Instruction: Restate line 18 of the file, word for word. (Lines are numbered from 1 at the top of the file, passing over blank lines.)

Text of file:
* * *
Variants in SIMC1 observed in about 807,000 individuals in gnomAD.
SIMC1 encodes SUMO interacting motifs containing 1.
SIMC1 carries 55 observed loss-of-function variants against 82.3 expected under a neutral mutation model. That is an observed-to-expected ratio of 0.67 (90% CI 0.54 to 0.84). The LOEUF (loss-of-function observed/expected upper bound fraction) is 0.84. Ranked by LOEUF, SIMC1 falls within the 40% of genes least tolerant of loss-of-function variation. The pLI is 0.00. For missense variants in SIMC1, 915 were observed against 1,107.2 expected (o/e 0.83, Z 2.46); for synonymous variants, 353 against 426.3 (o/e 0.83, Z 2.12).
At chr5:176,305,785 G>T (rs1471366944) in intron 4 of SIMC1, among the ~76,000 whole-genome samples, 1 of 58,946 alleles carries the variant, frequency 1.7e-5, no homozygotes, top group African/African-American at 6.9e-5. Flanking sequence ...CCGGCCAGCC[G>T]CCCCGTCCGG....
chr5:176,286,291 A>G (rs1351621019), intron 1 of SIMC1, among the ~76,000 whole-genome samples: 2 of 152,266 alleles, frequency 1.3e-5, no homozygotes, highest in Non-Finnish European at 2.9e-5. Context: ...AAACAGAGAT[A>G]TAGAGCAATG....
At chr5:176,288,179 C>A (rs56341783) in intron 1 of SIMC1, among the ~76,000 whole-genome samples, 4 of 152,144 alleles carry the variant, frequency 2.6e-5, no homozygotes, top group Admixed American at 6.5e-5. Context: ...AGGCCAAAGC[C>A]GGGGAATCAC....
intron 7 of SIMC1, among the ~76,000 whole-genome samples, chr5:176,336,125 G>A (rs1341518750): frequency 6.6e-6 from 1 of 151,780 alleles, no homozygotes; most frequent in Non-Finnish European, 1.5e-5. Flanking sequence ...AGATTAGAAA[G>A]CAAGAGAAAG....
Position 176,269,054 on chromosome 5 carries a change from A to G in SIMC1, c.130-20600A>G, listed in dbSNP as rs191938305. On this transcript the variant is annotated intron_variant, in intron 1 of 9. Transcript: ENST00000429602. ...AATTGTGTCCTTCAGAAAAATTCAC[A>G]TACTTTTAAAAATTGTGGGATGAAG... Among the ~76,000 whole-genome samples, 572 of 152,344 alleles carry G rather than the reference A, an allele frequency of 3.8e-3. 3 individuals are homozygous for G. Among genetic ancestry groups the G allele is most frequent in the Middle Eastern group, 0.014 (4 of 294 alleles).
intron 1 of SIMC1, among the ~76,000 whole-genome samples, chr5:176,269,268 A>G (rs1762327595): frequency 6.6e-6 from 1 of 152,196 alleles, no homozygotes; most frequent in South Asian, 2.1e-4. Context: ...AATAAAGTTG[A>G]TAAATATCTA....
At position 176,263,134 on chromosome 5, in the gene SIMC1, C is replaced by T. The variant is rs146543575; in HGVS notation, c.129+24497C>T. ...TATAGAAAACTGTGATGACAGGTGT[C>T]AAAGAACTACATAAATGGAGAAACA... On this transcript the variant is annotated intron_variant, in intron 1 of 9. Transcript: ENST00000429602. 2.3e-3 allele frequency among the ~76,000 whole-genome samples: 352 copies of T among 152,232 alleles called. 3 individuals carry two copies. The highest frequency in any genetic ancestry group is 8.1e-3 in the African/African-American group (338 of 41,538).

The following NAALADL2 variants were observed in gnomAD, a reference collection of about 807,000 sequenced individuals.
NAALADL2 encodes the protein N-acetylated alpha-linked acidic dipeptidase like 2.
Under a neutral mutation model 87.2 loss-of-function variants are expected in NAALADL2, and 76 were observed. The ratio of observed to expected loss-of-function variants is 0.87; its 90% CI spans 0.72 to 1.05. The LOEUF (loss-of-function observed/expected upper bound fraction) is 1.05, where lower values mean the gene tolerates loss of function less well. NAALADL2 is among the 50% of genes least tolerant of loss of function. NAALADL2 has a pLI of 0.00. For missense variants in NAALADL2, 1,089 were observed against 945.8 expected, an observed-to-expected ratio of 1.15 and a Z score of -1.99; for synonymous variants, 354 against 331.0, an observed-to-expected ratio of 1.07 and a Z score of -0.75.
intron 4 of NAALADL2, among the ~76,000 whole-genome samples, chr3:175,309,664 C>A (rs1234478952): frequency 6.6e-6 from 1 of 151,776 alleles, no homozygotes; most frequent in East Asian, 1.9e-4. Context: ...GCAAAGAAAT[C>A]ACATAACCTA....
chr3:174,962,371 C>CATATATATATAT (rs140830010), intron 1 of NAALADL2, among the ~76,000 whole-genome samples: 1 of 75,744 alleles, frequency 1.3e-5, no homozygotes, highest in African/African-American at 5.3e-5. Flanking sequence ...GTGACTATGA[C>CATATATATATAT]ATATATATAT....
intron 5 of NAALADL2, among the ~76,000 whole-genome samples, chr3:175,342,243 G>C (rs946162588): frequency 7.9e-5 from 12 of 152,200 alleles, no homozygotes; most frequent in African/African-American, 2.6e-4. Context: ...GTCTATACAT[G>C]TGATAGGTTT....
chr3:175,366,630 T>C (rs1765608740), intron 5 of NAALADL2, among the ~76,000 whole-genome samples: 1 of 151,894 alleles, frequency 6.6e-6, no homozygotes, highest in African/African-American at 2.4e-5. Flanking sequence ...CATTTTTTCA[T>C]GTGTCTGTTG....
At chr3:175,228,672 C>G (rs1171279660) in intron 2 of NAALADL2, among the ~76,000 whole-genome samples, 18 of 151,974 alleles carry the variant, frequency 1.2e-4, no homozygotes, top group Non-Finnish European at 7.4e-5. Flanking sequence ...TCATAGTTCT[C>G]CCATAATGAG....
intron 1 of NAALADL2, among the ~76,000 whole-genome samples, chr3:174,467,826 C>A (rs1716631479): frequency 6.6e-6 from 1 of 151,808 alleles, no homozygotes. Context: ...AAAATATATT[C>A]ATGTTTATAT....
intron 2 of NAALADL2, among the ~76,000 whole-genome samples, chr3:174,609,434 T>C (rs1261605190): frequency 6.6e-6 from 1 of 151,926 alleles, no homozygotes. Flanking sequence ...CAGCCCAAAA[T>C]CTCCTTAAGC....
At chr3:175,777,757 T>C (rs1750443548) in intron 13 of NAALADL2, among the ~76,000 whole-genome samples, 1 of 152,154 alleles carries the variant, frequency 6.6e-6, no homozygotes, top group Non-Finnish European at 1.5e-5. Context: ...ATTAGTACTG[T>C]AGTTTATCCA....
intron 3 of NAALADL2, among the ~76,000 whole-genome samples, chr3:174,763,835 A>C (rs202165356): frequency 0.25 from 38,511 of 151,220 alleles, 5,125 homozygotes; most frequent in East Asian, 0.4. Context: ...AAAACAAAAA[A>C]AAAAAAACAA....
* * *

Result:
At chr3:175,228,672 C>G (rs1171279660) in intron 2 of NAALADL2, among the ~76,000 whole-genome samples, 18 of 151,974 alleles carry the variant, frequency 1.2e-4, no homozygotes, top group Non-Finnish European at 7.4e-5. Flanking sequence ...TCATAGTTCT[C>G]CCATAATGAG....